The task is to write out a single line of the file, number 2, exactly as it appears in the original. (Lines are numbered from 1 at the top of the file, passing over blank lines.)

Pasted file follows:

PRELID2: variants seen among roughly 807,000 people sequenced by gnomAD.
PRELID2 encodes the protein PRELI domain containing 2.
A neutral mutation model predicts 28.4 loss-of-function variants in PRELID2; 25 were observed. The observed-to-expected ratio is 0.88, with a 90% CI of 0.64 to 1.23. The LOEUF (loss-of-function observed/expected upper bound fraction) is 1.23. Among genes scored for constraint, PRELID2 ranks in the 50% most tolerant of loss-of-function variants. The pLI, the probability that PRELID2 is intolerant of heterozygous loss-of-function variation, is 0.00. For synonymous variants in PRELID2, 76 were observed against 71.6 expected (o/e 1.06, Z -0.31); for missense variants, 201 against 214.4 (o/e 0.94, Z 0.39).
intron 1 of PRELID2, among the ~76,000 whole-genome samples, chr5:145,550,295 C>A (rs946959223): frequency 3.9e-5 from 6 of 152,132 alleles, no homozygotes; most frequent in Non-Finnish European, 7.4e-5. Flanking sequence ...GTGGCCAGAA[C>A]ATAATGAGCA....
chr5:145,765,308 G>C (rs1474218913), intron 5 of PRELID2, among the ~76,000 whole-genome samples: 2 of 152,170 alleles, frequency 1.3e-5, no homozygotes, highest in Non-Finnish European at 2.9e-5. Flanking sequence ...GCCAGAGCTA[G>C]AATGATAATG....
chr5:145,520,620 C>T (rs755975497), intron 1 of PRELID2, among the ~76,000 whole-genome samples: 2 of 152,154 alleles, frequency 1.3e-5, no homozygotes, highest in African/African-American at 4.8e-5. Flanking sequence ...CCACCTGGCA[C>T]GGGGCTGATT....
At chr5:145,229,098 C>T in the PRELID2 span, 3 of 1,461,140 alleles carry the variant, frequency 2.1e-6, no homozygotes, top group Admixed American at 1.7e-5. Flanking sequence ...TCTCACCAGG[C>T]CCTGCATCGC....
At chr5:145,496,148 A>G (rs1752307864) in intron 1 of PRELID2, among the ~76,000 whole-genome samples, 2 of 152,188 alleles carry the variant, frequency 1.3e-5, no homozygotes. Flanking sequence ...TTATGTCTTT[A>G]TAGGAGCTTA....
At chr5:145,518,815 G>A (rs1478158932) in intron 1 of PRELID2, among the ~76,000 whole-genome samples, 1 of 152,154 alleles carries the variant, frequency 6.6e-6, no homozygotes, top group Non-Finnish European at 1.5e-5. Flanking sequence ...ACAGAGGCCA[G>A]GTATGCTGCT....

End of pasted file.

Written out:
PRELID2 encodes the protein PRELI domain containing 2.